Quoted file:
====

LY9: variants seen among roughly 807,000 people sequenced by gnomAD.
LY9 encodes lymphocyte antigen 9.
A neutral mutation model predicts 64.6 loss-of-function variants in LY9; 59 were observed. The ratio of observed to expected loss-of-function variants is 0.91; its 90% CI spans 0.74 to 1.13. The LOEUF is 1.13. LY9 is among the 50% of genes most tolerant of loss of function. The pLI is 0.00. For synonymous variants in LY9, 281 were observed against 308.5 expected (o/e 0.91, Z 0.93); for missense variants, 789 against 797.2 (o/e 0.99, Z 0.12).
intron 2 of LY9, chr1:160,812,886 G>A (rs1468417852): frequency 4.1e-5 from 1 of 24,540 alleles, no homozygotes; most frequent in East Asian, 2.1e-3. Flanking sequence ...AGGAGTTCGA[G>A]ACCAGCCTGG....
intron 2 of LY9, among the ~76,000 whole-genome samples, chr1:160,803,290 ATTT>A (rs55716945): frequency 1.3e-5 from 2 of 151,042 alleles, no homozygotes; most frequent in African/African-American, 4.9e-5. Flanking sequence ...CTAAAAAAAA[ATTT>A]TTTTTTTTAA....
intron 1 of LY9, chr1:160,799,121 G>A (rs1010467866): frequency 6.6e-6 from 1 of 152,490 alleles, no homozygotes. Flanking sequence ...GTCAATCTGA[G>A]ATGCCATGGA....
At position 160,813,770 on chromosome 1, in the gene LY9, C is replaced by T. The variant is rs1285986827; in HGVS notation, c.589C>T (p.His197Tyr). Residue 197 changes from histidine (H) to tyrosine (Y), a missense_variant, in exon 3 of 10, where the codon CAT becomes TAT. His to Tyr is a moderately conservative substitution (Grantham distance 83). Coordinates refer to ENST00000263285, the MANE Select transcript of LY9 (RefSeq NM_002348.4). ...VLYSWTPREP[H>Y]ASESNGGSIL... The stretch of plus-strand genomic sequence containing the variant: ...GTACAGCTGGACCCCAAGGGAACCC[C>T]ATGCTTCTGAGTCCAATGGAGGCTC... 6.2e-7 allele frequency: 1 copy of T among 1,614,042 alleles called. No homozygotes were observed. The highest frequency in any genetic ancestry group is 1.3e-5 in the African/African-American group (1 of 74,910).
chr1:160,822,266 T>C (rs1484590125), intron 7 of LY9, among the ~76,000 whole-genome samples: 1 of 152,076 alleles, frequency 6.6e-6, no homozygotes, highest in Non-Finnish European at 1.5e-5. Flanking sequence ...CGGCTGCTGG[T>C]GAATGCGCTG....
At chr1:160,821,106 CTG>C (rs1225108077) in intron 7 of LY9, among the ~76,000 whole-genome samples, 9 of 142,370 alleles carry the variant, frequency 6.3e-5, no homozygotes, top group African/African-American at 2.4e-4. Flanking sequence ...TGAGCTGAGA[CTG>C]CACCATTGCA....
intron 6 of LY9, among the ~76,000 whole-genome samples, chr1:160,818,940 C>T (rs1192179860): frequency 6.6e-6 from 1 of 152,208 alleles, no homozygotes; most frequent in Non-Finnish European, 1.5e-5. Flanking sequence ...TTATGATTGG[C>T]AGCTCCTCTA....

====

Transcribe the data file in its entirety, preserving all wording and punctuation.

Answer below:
LY9: variants seen among roughly 807,000 people sequenced by gnomAD.
LY9 encodes lymphocyte antigen 9.
A neutral mutation model predicts 64.6 loss-of-function variants in LY9; 59 were observed. The ratio of observed to expected loss-of-function variants is 0.91; its 90% CI spans 0.74 to 1.13. The LOEUF is 1.13. LY9 is among the 50% of genes most tolerant of loss of function. The pLI is 0.00. For synonymous variants in LY9, 281 were observed against 308.5 expected (o/e 0.91, Z 0.93); for missense variants, 789 against 797.2 (o/e 0.99, Z 0.12).
intron 2 of LY9, chr1:160,812,886 G>A (rs1468417852): frequency 4.1e-5 from 1 of 24,540 alleles, no homozygotes; most frequent in East Asian, 2.1e-3. Flanking sequence ...AGGAGTTCGA[G>A]ACCAGCCTGG....
intron 2 of LY9, among the ~76,000 whole-genome samples, chr1:160,803,290 ATTT>A (rs55716945): frequency 1.3e-5 from 2 of 151,042 alleles, no homozygotes; most frequent in African/African-American, 4.9e-5. Flanking sequence ...CTAAAAAAAA[ATTT>A]TTTTTTTTAA....
intron 1 of LY9, chr1:160,799,121 G>A (rs1010467866): frequency 6.6e-6 from 1 of 152,490 alleles, no homozygotes. Flanking sequence ...GTCAATCTGA[G>A]ATGCCATGGA....
At position 160,813,770 on chromosome 1, in the gene LY9, C is replaced by T. The variant is rs1285986827; in HGVS notation, c.589C>T (p.His197Tyr). Residue 197 changes from histidine (H) to tyrosine (Y), a missense_variant, in exon 3 of 10, where the codon CAT becomes TAT. His to Tyr is a moderately conservative substitution (Grantham distance 83). Coordinates refer to ENST00000263285, the MANE Select transcript of LY9 (RefSeq NM_002348.4). ...VLYSWTPREP[H>Y]ASESNGGSIL... The stretch of plus-strand genomic sequence containing the variant: ...GTACAGCTGGACCCCAAGGGAACCC[C>T]ATGCTTCTGAGTCCAATGGAGGCTC... 6.2e-7 allele frequency: 1 copy of T among 1,614,042 alleles called. No homozygotes were observed. The highest frequency in any genetic ancestry group is 1.3e-5 in the African/African-American group (1 of 74,910).
chr1:160,822,266 T>C (rs1484590125), intron 7 of LY9, among the ~76,000 whole-genome samples: 1 of 152,076 alleles, frequency 6.6e-6, no homozygotes, highest in Non-Finnish European at 1.5e-5. Flanking sequence ...CGGCTGCTGG[T>C]GAATGCGCTG....
At chr1:160,821,106 CTG>C (rs1225108077) in intron 7 of LY9, among the ~76,000 whole-genome samples, 9 of 142,370 alleles carry the variant, frequency 6.3e-5, no homozygotes, top group African/African-American at 2.4e-4. Flanking sequence ...TGAGCTGAGA[CTG>C]CACCATTGCA....
intron 6 of LY9, among the ~76,000 whole-genome samples, chr1:160,818,940 C>T (rs1192179860): frequency 6.6e-6 from 1 of 152,208 alleles, no homozygotes; most frequent in Non-Finnish European, 1.5e-5. Flanking sequence ...TTATGATTGG[C>T]AGCTCCTCTA....